In Malaysia, British American Tobacco flouted the World Cup of football's no-tobacco ruling
- British American Tobacco
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It was not a tobacco-free World Cup for Malaysia. “2002 FIFA World Cup. Proudly brought to you on Malaysian TV by Dunhill”1 was just one in a series of advertisements appearing in the Malaysian mass media for football's (soccer's) World Cup. BAT Malaysia side stepped the no-tobacco ruling on the 2002 World Cup and sponsored the telecasts to Malaysia where football reigns as the nation's most popular sport.
The 2002 World Cup kicked off on World No Tobacco Day, 31 May, to honour FIFA's (Federation Internationale de Football Association) agreement with the World Health Organization for a tobacco-free tournament. In December 2001, FIFA signed a memorandum of cooperation with WHO that included a clause saying all forms of tobacco promotion would be removed from all football events associated with FIFA.2 WHO's theme for this year's World No Tobacco day, “Tobacco-free sports—Play it Clean” was lost as the Malaysian mass media advertised BAT's Dunhill sponsorship of the telecast. The advertising started about one month before the start of the championship and continued throughout the month of the series.
BAT, through its Dunhill brand, launched a US$5 million campaign in newspapers and on television, and printed thousands of posters to promote and sponsor the live telecasts of the matches* (fig 1). It also erected billboards in several parts of the country3 and launched a special website on the World Cup (www.dxplay.com). Since 1993 Malaysia has banned direct cigarette advertisements on television, but tobacco companies have been circumventing this ban by engaging in brand stretching activities such as sponsorship of sports and pop concerts.
Tobacco companies' efforts at exploiting the tobacco-free World Cup was not just confined to Malaysia but also occurred in Niger, Uruguay, and Pakistan. In Niger, where BAT has a 10 year contract with the Soccer Federation of Niger signed in 1996, the company sponsored the telecast of the World Cup on large screens strategically located in the capital Niamey's intersections, featuring the Rothmans brand name. In Uruguay, the Nevada brand was the official sponsor of Uruguay's team to the tobacco-free World Cup tournament itself. In Pakistan, Philip Morris' subsidiary, the Pakistan Tobacco Company, sponsored the telecast of the World Cup through its Diplomat brand.4
Tobacco control non-governmental organisations from these countries and from around the world urged both FIFA and WHO to stop these companies from sponsoring the telecasts and using the tobacco-free event to promote their tobacco brands.
English football has a huge following in Malaysia, but Malaysians see it in association with Dunhill. BAT Malaysia has sponsored telecasts of the English Premier League which is advertised as the “Dunhill English Premier League” in the mass media. Advertisements show images of English football heroes such as David Beckham and Michael Owen to promote its Dunhill brand. An advertisement by BAT had also featured Arsenal's Dennis Bergkamp where the word “Dunhill” appeared with the words “English FA Cup” (fig 2), when the tournament was actually sponsored by Axa. This was reported in the expose by The Guardian in the UK on BAT's exploitation of English soccer and players in Malaysia.5The Guardian reported how BAT had printed shots of Beckham, Owen, and other internationally known English footballers on an “English at its best” calendar with a “Dunhill English Premier League” logo, and distributed it to financial analysts. When these footballers and the English FA were alerted by ASH UK of their exploitation by BAT in Malaysia it was revealed that BAT had, predictably, no permission to use their names, given the English Premier League's tobacco-free policy. The English Premier League has expressed extreme concern at the impression given by BAT to Malaysians that it is connected with and/or is sponsor of the English Premier League.5 David Beckham's agent and the English Premier League are looking into the possibility of legal action over BAT's use of both their names to promote Dunhill in Malaysia.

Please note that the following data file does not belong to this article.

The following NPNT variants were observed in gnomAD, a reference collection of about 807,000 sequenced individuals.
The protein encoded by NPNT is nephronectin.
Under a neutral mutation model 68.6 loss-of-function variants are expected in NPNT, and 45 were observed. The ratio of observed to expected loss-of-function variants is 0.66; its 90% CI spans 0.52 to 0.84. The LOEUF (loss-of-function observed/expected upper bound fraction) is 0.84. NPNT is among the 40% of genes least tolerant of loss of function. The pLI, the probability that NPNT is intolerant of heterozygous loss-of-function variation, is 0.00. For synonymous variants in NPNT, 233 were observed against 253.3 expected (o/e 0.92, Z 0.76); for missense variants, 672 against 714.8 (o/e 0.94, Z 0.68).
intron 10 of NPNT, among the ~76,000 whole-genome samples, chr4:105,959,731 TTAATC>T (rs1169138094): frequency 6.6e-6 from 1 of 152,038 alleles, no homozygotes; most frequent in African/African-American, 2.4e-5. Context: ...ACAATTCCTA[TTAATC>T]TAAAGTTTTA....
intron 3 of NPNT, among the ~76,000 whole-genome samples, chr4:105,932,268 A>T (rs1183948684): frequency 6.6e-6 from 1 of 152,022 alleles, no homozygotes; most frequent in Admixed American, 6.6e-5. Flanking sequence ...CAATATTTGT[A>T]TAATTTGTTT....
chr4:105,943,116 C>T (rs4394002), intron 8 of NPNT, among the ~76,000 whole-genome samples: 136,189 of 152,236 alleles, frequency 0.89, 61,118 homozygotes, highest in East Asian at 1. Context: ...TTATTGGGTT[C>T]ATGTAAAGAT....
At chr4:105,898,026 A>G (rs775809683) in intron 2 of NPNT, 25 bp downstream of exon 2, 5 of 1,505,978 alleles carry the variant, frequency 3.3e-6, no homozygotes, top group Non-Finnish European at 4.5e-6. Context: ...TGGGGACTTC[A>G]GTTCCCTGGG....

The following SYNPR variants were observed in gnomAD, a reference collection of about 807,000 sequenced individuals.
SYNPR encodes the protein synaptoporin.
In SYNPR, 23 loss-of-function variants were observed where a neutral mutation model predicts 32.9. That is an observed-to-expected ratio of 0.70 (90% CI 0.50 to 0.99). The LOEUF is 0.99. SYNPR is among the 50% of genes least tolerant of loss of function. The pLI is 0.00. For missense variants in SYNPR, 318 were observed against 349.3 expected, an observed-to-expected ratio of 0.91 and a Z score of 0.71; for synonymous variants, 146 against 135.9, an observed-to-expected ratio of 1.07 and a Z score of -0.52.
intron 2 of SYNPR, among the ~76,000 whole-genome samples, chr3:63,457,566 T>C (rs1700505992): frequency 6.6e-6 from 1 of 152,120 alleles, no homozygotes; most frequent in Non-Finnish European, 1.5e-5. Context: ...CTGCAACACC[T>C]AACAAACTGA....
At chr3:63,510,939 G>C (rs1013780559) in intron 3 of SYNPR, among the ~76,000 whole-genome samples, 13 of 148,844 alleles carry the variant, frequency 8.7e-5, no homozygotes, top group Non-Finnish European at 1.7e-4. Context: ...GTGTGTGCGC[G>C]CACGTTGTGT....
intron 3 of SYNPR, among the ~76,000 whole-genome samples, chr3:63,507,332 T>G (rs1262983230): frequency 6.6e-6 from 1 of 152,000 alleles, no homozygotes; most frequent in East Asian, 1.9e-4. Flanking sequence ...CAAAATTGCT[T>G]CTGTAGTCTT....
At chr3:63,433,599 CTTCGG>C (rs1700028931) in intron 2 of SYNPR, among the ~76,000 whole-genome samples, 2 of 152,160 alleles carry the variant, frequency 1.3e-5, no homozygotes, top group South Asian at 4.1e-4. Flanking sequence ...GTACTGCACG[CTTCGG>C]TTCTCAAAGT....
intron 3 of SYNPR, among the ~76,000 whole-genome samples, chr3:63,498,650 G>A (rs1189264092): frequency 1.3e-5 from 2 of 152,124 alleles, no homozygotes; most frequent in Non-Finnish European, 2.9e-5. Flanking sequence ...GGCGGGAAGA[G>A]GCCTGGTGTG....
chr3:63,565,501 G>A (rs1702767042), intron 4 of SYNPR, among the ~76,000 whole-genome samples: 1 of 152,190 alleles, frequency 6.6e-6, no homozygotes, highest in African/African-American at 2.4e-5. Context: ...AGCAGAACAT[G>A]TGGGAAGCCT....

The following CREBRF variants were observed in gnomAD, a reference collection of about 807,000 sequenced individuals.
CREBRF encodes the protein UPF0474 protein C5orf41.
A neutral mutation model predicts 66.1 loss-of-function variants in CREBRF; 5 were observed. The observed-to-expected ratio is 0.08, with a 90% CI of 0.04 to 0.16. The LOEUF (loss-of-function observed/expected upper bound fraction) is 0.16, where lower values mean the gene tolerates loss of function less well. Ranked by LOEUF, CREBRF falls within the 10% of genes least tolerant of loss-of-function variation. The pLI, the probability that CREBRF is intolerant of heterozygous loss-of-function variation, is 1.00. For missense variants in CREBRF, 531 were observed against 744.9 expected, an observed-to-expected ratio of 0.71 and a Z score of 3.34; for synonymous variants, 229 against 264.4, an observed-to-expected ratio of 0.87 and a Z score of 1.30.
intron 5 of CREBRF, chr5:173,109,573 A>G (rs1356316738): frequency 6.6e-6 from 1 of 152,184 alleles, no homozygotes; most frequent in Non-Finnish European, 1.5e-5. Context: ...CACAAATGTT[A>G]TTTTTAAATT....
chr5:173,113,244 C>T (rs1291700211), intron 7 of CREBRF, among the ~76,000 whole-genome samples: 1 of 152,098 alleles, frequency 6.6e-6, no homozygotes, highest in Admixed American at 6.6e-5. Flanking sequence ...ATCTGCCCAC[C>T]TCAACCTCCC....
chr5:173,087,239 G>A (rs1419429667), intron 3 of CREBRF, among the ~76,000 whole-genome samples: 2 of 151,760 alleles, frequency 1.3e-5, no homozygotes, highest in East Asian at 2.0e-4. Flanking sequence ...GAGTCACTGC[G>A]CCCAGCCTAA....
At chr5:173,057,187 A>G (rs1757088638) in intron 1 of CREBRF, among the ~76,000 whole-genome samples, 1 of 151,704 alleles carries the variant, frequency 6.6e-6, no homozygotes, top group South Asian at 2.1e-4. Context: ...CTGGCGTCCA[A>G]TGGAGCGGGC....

FIFA, while unable to stop BAT from exploiting the World Cup, said: “The manner in which BAT has been promoting its association with the World Cup—an association which does not exist—despite its agreement with the Malaysian League Marketing and also its flagrant misuse of players' image is indicative of the ruthless tactics the company is prepared to adopt in order to try to deceive the public.”6
Despite FIFA's tobacco-free policy for football, and WHO's call to the world for tobacco-free sports, will tobacco release its hold over football? BAT's sponsorship of football in Malaysia, according to its local contract, will go on until 2004 and in Niger until 2006. As it stands, this will contravene the industry's own feeble marketing guidelines, the International Tobacco Products Marketing Standards, which are supposed to end such sponsorship activities at the end of this year. BAT Malaysia's 2001 annual report says after 2002 there will no longer be mass advertising of sponsored activities associated with tobacco brand names.7 However Dunhill's sponsorship of the Malaysia League to the tune of about US$8 million a year will only expire late 2004.8 According to The Guardian report BAT Malaysia had acknowledged that using football was no longer acceptable and confirmed it would cease doing so at the end of this year. BAT's spokesperson, referring to the telecast of the World Cup, said: “This is certainly not the sort of sponsorship that is in line with the marketing standards which we expect our companies to be applying at the end of the year.”5 Yet BAT will continue to sponsor football in Malaysia until 2004.
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